Some days are grimmer than others; the long days that never seem to end, and present you with a neverending stream of bad news, are the grimmest of them all. I had one last Thursday, and I’m sure you’re no stranger to them either. In fact, I know you know the feeling: the shock of reality hitting you like a brick wall, while you stand in despair, asking yourself “What now?”.
You could bury your head in your hands, and await death by inertia. You could reach out to the empty mug next to you, and choose death by caffeine. You could drown your frustrations in sugar – death by chocolate is never a bad idea. Or you could fight the blues with a glorious meal, indulging in a Mexican food feast that will erase all your troubles: Death by Burrito.
Death by Burrito is no Man vs. Food challenge, and no exotic torture technique either. The name belongs to the Rebel Dining Society‘s Mexican pop-up, currently on a seven-day-a-week residency at Battersea’s Candlemaker Pub; its most extreme feature is a platter of extra fiery chicken wings. I had the chance to sample its excellent fare on a tasting evening that rekindled my flame for Mexican cuisine, and succeeded in the arduous task of wiping out some of my long-standing culinary pet hates.
The first one to go was my unconditional hatred of tequila (never a favourite, always a trigger for predicaments I’d rather not recall). Product of a cocktail-meets-slush-machine affair, DBB’s frozen margarita was too handsome to resist, like the most dangerous youth love interests. The flavour of lime prevails over the boozy notes, appealing to margarita detractors and lovers alike: you’ll only taste the tequila and salt when you reach the bottom of the glass, far too late to give up on your new favourite drink.
My wariness of nachos vanished almost as quickly. Despite them being proverbial crowd-pleasers, they usually fail to please me: every time I’m near a sharing platter at the pub, I cast suspicious glances on the lashings of sour cream, cheese, salsa and guacamole they come with. On this occasion, however, they hit exactly the right spot.
Death by Burrito taught me that guacamole is bloody good when it’s freshly made, and that pomegranate seeds – not what you’d usually top it with – complement it very well. It showed me that warm salsa and nachos make one hell of a pair, pushing my inner fussy child to dig out and savour all the bits that hadn’t come into contact with the sour cream and cheese (getting used to those two will take much longer, I’m afraid).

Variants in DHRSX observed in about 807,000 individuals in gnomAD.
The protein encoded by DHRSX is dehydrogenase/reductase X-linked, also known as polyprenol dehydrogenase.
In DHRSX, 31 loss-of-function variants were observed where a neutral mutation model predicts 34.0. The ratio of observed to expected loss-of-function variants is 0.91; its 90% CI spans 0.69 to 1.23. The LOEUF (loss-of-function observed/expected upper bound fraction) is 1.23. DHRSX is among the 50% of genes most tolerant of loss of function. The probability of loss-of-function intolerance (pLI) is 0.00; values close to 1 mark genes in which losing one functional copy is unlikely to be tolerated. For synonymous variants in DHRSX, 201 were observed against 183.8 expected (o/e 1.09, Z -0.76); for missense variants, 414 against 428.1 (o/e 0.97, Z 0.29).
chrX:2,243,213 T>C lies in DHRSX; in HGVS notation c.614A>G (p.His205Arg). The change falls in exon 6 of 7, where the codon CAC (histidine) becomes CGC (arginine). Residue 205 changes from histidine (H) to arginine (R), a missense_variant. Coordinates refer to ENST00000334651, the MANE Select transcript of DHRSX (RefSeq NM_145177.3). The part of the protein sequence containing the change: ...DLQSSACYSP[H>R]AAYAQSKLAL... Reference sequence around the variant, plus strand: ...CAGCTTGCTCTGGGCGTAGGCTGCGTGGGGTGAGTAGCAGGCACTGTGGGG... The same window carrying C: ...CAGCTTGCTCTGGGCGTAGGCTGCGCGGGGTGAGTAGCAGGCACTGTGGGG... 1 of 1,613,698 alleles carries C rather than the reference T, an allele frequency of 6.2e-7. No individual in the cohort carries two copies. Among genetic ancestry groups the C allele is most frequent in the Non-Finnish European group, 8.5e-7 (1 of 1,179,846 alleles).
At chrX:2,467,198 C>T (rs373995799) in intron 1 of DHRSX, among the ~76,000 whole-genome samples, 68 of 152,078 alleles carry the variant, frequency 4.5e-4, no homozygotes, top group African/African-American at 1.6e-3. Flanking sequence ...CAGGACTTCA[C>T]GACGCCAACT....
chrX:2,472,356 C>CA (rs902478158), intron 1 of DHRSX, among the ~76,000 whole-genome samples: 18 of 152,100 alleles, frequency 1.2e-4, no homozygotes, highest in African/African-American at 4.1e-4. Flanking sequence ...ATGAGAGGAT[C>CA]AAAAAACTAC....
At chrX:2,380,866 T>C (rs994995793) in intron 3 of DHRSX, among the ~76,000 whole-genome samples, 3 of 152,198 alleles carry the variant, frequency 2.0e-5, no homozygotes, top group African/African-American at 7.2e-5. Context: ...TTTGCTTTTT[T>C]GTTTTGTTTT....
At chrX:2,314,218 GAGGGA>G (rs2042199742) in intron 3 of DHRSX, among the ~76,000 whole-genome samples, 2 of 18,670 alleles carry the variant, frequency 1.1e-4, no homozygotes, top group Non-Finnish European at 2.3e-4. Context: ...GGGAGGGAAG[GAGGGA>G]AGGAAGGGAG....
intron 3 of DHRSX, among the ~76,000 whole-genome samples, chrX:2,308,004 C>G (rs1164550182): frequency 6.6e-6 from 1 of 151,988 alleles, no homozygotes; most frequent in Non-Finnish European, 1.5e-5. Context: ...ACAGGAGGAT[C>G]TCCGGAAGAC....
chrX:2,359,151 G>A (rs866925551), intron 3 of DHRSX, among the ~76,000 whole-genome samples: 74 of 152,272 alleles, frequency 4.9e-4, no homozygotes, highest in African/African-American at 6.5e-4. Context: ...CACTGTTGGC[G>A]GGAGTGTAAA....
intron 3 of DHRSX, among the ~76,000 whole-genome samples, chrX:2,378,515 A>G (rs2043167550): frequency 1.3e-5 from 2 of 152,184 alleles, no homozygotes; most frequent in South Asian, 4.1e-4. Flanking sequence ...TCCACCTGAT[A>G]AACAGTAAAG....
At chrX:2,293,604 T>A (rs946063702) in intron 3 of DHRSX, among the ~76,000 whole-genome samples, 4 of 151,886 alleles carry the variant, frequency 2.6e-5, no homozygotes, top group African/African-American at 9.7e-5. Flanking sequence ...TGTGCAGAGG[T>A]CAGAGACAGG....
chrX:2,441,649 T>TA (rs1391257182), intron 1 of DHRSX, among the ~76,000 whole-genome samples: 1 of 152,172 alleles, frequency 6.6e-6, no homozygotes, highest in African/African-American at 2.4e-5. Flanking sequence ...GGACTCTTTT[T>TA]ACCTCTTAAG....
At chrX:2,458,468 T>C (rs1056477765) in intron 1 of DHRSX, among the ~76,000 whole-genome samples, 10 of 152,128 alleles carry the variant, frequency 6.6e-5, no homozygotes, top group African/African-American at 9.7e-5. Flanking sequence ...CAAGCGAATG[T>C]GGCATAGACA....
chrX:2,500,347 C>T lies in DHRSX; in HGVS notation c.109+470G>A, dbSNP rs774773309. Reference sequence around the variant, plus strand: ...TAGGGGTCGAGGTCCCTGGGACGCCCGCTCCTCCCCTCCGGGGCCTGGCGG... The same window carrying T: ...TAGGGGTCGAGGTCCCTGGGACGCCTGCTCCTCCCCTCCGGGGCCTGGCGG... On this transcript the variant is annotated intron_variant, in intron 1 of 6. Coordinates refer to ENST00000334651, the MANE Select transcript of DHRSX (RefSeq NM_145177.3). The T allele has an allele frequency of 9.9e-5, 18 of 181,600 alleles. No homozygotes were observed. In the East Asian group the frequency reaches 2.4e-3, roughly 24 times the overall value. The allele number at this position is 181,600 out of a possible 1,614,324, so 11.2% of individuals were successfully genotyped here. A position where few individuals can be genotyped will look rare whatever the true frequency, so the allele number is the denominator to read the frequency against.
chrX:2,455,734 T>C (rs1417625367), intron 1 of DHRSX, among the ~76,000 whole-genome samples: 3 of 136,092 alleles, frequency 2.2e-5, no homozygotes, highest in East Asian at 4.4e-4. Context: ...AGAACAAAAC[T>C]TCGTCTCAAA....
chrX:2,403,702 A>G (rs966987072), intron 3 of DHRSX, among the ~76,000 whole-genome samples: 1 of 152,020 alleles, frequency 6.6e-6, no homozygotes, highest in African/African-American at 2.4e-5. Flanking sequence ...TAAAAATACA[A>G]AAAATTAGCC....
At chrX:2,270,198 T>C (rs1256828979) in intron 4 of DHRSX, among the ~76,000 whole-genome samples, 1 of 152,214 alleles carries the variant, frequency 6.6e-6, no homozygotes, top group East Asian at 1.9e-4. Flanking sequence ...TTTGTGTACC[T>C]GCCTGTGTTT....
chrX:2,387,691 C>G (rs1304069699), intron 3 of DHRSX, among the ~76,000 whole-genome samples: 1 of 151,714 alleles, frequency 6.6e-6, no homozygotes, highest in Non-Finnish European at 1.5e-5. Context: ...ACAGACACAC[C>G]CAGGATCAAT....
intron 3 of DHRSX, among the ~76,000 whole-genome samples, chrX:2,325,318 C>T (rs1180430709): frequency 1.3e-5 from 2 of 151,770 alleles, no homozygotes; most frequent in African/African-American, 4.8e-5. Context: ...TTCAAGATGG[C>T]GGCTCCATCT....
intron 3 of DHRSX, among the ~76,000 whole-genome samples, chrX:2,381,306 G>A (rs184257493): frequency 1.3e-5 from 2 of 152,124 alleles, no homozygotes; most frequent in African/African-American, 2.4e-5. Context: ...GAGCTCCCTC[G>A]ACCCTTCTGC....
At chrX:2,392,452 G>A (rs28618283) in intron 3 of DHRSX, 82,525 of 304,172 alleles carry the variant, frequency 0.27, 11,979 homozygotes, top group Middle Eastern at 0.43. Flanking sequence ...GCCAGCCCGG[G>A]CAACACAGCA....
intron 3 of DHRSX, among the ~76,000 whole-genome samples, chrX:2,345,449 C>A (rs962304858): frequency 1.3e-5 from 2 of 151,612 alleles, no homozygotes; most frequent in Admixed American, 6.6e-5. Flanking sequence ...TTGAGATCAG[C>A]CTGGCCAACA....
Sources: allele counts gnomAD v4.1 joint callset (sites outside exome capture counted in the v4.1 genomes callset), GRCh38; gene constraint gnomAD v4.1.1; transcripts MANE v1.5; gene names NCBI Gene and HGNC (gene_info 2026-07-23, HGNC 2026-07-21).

The pork belly and kimchi tacos were the only dish that left me cold, owing to the bitter flavour of kimchi, which completely overtakes the pork’s more pleasant taste. It was my first encounter with kimchi, but I barely had the time to mull over my disappointment: the next sample – a lovely chipotle chicken taco, jazzed up by a sprinkle of lime – was already on its way to my plate. Its citrusy flavour was refreshing, and the chicken soft and juicy, just the way I like it.
Those tacos and nachos were the prelude to a marvellous whirlwind of flavours, leading the way to two variations on the theme of chilli and agave glazed chicken wings. The first helping was an irresistible mess; the kind of food you eagerly devour with your hands, only to find your fingers covered in a hot, sticky sauce that you can’t help but eat away. The second round was a challenge for the brave: deceptively innocuous at the first bite, lethal for those who went for seconds and experienced its fierce fieriness. “I should have stuck to one”, they said. The fact that they didn’t is testament to how addictive DBB’s cuisine is.
I loved the fish tacos more than everything else – more even than those luxurious chicken wings. Tequila and beer battered fish plus soft tortilla plus chilli mayo is the recipe for an epic win: a whole that glorifies each of its parts, and leaves you craving for more.
Eager as I was for a second fish taco, I missed out on the candied bacon and pickled jalapeno burgers: tiny works of art, perfectly formed and beautiful to the eye. I heard my date (a definite double-burger-with-extra-bacon-and-onion-rings person) feebly argue that the patty was slightly undercooked, only to wolf down a second portion two seconds later, with immense satisfaction.
The Candlemaker‘s atmosphere is as worth a trip to Battersea as Death by Burrito’s menu. This spacious, stylish pub delights customers with a range of features that few venues offer all together. Comfortable seating? Check. A cosy outside area to enjoy warm spring days and late sunsets? Check (in fact, there are two). Board games? Check. And now, for the pleasure of food enthusiasts, there’s this killer Mexican pop-up too. “Killer” as in “irresistible”, of course: I’m alive to tell you about it, and feel compelled to go back for more.
Death by Burrito at the Candlemaker Pub
136 Battersea High Street
London, SW11 3JR
(nearest Overground station: Clapham Junction)
Open every day for lunch and dinner
Note: I attended the Death by Burrito tasting as a guest, invited by Miss Cakehead. All opinions are my own.